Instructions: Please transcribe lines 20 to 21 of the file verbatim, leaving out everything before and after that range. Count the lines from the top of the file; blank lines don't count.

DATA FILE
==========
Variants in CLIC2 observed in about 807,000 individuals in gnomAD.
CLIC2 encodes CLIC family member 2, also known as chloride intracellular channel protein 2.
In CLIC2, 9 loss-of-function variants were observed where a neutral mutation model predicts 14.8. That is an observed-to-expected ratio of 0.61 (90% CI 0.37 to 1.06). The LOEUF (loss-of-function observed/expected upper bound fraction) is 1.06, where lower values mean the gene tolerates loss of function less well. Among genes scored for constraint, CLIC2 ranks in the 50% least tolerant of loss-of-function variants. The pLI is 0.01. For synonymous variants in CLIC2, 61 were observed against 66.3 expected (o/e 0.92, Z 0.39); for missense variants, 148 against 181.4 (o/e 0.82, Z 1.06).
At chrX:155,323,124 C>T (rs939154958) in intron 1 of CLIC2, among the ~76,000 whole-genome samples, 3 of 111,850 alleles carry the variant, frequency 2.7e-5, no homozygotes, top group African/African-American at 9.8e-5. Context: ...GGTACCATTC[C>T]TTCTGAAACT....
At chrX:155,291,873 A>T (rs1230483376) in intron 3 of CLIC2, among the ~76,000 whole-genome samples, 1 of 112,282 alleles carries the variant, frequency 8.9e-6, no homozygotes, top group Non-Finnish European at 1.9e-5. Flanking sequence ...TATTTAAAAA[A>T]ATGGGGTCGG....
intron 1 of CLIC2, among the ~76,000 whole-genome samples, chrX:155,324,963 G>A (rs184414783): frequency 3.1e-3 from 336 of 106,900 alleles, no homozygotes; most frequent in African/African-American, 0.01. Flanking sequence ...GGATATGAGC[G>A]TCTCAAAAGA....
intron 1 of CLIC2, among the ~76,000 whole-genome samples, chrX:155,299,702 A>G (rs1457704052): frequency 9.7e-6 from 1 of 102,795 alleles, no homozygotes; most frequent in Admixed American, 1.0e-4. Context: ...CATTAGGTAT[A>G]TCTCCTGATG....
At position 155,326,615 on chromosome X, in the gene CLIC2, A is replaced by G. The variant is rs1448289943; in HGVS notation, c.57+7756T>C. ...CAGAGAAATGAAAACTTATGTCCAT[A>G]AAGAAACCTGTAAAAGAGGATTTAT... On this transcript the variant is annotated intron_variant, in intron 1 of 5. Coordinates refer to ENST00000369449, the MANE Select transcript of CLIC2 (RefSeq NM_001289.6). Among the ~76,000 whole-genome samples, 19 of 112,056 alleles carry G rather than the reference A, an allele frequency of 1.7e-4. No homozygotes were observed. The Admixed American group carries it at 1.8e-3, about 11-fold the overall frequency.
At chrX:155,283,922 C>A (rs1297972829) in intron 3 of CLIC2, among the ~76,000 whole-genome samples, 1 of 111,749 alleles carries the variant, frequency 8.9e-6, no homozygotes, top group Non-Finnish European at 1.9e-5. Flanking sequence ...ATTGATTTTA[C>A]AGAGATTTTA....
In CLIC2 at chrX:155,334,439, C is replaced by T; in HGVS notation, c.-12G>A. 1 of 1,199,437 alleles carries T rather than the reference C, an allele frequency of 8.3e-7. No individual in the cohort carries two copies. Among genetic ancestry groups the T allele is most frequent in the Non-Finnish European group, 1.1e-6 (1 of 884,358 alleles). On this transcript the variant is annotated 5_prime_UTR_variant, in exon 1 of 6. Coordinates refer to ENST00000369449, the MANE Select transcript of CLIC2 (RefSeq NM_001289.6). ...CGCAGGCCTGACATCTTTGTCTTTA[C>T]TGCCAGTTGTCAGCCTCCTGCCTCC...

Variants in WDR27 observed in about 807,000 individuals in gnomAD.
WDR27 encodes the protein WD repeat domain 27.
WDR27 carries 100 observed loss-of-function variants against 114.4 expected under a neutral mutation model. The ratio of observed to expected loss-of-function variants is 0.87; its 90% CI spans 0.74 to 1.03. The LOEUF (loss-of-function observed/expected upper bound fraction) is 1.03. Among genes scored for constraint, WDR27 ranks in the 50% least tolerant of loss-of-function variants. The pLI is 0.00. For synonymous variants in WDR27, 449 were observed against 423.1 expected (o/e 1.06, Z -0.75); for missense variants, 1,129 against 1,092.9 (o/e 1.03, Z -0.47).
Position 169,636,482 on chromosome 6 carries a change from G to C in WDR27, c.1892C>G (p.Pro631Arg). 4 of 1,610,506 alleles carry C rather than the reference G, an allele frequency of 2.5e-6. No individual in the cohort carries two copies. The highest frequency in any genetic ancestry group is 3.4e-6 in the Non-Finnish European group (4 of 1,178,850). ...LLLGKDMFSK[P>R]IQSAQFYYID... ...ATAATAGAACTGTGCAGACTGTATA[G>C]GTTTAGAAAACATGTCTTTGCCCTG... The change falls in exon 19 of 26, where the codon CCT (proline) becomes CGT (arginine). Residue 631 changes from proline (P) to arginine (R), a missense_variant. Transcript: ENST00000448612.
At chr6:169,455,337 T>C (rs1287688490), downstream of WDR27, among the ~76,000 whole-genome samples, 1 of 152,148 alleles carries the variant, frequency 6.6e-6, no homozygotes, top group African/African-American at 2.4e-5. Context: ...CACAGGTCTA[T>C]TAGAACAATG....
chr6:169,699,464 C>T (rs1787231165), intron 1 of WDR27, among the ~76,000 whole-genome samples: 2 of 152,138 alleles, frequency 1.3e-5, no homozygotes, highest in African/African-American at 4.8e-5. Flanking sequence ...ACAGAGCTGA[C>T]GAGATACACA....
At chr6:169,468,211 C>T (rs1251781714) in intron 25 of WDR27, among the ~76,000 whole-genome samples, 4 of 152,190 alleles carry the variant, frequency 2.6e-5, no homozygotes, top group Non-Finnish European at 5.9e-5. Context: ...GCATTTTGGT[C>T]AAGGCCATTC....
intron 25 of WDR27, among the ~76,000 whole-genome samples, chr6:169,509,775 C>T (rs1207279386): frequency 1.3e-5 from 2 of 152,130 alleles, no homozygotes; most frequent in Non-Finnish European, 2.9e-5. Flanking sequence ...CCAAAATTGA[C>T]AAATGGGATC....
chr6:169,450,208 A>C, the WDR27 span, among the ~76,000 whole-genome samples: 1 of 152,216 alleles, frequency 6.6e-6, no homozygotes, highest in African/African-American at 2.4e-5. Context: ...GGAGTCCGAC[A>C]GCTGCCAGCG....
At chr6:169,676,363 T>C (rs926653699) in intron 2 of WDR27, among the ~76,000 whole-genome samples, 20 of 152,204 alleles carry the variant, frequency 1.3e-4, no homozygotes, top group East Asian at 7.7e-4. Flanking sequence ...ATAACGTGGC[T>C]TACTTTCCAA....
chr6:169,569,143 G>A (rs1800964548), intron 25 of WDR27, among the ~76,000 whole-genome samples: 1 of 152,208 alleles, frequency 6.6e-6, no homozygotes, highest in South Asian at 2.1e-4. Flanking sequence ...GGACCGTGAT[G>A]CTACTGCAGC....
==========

At chr6:169,676,363 T>C (rs926653699) in intron 2 of WDR27, among the ~76,000 whole-genome samples, 20 of 152,204 alleles carry the variant, frequency 1.3e-4, no homozygotes, top group East Asian at 7.7e-4. Flanking sequence ...ATAACGTGGC[T>C]TACTTTCCAA....
chr6:169,569,143 G>A (rs1800964548), intron 25 of WDR27, among the ~76,000 whole-genome samples: 1 of 152,208 alleles, frequency 6.6e-6, no homozygotes, highest in South Asian at 2.1e-4. Flanking sequence ...GGACCGTGAT[G>A]CTACTGCAGC....